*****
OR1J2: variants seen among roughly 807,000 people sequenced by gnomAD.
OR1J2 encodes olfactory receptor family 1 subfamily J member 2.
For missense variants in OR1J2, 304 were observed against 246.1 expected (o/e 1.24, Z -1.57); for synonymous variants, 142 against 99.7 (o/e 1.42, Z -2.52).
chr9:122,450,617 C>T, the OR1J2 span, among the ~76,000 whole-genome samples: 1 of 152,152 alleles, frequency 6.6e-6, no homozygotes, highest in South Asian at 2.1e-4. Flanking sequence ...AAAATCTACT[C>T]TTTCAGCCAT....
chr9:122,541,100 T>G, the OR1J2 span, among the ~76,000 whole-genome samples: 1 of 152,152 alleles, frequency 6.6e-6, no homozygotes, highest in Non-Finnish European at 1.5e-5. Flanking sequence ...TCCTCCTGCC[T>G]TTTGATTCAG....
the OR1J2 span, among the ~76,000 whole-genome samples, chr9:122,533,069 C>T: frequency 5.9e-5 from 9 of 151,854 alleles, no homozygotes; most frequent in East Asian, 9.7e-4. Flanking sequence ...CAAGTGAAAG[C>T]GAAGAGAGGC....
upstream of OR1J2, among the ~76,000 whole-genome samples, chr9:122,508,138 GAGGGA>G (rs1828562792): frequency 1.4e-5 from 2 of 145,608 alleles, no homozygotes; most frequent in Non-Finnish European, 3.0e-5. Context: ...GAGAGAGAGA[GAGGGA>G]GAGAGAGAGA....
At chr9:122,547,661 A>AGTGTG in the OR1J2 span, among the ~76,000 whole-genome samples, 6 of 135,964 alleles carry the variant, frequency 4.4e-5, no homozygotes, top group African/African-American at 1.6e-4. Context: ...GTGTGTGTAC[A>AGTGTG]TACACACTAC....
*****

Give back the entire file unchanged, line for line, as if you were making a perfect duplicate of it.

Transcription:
OR1J2: variants seen among roughly 807,000 people sequenced by gnomAD.
OR1J2 encodes olfactory receptor family 1 subfamily J member 2.
For missense variants in OR1J2, 304 were observed against 246.1 expected (o/e 1.24, Z -1.57); for synonymous variants, 142 against 99.7 (o/e 1.42, Z -2.52).
chr9:122,450,617 C>T, the OR1J2 span, among the ~76,000 whole-genome samples: 1 of 152,152 alleles, frequency 6.6e-6, no homozygotes, highest in South Asian at 2.1e-4. Flanking sequence ...AAAATCTACT[C>T]TTTCAGCCAT....
chr9:122,541,100 T>G, the OR1J2 span, among the ~76,000 whole-genome samples: 1 of 152,152 alleles, frequency 6.6e-6, no homozygotes, highest in Non-Finnish European at 1.5e-5. Flanking sequence ...TCCTCCTGCC[T>G]TTTGATTCAG....
the OR1J2 span, among the ~76,000 whole-genome samples, chr9:122,533,069 C>T: frequency 5.9e-5 from 9 of 151,854 alleles, no homozygotes; most frequent in East Asian, 9.7e-4. Flanking sequence ...CAAGTGAAAG[C>T]GAAGAGAGGC....
upstream of OR1J2, among the ~76,000 whole-genome samples, chr9:122,508,138 GAGGGA>G (rs1828562792): frequency 1.4e-5 from 2 of 145,608 alleles, no homozygotes; most frequent in Non-Finnish European, 3.0e-5. Context: ...GAGAGAGAGA[GAGGGA>G]GAGAGAGAGA....
At chr9:122,547,661 A>AGTGTG in the OR1J2 span, among the ~76,000 whole-genome samples, 6 of 135,964 alleles carry the variant, frequency 4.4e-5, no homozygotes, top group African/African-American at 1.6e-4. Context: ...GTGTGTGTAC[A>AGTGTG]TACACACTAC....